“Rogers’s book has much the same effect as a good drink. You get a warm sensation, you want to engage with the wider world, and you feel smarter than you probably are. Above all, it makes you understand how deeply human it is to take a drink.” — Wall Street Journal

Synopsis:

New York Times Bestseller

Humans have been perfecting the science of alcohol production for ten thousand years, but modern scientists are only just beginning to distill the complex reactions behind the perfect buzz. In a spirited tour across continents and cultures, Adam Rogers puts our alcoholic history under the microscope, from our ancestors’ accidental discovery of fermented drinks to the cutting-edge laboratory research that proves why—or even if—people actually like the stuff.

From fermentation to distillation to aging, Proof offers a unique glimpse inside the barrels, stills, tanks, and casks that produce iconic drinks. Rogers ventures from the whiskey-making mecca of the Scottish Highlands to the most sophisticated gene-sequencing labs in the world—and to more than one bar—introducing us to the motley characters and evolving science behind the latest developments in boozy technology. He uncovers alcohol’s deepest mysteries, chasing the physics, molecular biology, organic chemistry, and even metallurgy that power alcohol production, and the subtle mixture of psychology and neurobiology that fuels our taste for those products.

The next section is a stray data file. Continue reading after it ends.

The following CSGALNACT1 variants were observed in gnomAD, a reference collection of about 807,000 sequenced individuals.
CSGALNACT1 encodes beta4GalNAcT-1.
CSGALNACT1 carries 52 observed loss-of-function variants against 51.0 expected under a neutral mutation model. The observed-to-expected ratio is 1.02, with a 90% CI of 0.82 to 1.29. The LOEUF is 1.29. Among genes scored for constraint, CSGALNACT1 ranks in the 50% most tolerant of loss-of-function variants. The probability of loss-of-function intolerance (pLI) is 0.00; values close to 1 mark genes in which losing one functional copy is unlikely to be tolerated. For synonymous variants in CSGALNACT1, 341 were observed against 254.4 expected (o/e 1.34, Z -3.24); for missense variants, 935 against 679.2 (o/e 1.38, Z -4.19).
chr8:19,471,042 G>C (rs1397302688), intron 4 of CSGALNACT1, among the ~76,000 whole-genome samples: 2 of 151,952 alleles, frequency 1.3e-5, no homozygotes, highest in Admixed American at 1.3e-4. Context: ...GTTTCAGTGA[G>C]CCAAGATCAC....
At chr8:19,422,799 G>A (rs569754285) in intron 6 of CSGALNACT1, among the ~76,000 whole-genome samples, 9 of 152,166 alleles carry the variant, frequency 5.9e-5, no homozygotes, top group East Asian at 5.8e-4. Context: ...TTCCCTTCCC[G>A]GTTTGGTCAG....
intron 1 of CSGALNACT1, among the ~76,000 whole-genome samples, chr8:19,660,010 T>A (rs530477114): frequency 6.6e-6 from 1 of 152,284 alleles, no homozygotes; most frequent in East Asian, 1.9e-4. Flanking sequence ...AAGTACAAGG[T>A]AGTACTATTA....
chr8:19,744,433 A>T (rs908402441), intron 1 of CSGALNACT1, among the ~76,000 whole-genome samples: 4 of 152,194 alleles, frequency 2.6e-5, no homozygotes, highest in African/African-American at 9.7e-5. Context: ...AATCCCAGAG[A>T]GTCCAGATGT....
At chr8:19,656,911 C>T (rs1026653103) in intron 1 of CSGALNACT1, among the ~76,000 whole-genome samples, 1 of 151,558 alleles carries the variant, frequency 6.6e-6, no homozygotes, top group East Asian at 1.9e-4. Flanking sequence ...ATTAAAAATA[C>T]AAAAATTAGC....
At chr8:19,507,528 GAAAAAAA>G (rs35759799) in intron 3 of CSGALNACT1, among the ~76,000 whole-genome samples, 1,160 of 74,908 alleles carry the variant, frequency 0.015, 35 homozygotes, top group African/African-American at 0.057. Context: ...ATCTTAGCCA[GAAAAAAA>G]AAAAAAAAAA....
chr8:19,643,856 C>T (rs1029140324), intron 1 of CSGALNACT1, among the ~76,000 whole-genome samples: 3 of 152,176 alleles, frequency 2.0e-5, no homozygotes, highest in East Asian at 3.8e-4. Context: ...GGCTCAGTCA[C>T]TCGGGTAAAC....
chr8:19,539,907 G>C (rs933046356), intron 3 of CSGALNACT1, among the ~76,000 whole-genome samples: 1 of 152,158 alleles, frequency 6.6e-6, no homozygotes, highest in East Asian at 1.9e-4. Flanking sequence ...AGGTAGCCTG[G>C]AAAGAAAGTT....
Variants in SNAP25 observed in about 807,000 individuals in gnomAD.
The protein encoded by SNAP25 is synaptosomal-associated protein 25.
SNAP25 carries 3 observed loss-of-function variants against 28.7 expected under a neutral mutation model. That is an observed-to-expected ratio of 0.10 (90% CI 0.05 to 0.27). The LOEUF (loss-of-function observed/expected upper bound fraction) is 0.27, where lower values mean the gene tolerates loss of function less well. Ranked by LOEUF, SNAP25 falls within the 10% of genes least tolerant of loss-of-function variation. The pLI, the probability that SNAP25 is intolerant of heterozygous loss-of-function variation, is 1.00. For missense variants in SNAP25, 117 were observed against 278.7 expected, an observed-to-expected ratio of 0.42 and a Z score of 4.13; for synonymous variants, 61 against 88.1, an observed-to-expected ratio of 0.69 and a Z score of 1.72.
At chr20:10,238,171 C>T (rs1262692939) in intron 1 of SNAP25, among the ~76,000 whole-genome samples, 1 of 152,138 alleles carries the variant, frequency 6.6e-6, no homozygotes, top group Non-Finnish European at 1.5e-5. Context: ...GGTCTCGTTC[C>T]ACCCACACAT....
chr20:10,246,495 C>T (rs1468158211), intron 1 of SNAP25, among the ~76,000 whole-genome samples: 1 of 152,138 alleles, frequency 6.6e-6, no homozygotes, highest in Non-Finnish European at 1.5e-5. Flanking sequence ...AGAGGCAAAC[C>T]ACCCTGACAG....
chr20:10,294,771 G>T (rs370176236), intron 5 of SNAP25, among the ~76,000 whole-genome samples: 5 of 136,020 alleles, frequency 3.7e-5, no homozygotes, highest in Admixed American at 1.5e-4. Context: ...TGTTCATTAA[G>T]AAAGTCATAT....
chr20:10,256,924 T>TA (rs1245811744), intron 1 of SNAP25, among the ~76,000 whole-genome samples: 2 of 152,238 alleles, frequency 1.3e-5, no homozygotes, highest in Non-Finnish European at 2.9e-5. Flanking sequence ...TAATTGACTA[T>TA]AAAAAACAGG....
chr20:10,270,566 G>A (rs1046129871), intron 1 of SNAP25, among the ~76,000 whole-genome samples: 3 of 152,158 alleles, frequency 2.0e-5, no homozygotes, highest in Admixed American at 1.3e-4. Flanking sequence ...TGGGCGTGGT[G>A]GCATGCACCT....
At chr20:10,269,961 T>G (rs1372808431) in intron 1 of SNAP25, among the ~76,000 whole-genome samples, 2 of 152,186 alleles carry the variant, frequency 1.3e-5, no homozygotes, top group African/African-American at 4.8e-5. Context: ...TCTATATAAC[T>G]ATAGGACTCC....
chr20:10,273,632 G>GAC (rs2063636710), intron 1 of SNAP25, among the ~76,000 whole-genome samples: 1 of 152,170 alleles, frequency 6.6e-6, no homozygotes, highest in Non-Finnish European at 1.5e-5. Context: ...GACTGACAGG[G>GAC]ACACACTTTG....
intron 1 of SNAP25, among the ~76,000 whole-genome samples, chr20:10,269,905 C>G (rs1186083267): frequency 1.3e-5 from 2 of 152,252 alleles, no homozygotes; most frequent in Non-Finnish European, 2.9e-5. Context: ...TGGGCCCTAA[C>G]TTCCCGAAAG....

With intoxicating enthusiasm, Rogers reveals alcohol as a miracle of science. If you’ve ever wondered how exactly your drink of choice arrived in your glass, or exactly what will happen to you once you empty it, Proof makes an unparalleled drinking companion.

About the Author

Robert L. Wolke is professor emeritus of chemistry at the University of Pittsburgh and winner of the James Beard Foundation and Bert Greene awards for food journalism.

Table of Contents

Introduction 1

Yeast 14

Sugar 35

Fermentation 59

Distillation 80

Aging 104

Smell and Taste 133

Body and Brain 160

Hangover 187

Conclusion 205

Acknowledgments 213

Notes 215

Bibliography 235

Index 248

Product Details

ISBN:
9780393011838
Other:
Wolke, Robert L.
Author:
Parrish, Marlene
Author:
Rogers, Adam
Author:
Wolke, Robert L.
Publisher:
W. W. Norton & Company
Location:
New York
Subject:
Reference
Subject:
Cookery
Subject:
Science
Subject:
Essays
Subject:
History
Subject:
Food Science
Subject:
Cookbooks
Subject:
Cooking and Food-General
Subject:
General Cooking
Copyright:
Edition Number:
1st ed.
Edition Description:
Trade paper
Series Volume:
no. 02-01
Publication Date:
May 2002
Binding:
HARDCOVER
Grade Level:
General/trade
Language:
English
Illustrations:
Yes
Pages:
272
Dimensions:
9 x 6 x 1.19 in 1.02 lb

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Related Subjects


Cooking and Food » Food Writing » Gastronomic Literature
Cooking and Food » General
Cooking and Food » Methods » Miscellaneous Methods
Cooking and Food » Reference and Etiquette » General
Cooking and Food » Reference and Etiquette » Historical Food and Cooking
Reference » Science Reference » Technology

What Einstein Told His Cook: Kitchen Science Explained Used Hardcover
0 stars - 0 reviews
$9.95 In Stock
Product details 272 pages W. W. Norton & Company - English 9780393011838 Reviews:
"Review" by , "Wolke is good at demystifying advertisers' half-truths, showing, for example, that sea salt is not necessarily better than regular salt for those watching sodium intake....Wolke tells it like it is....With its zest for the truth, this book will help cooks learn how to make more intelligent choices."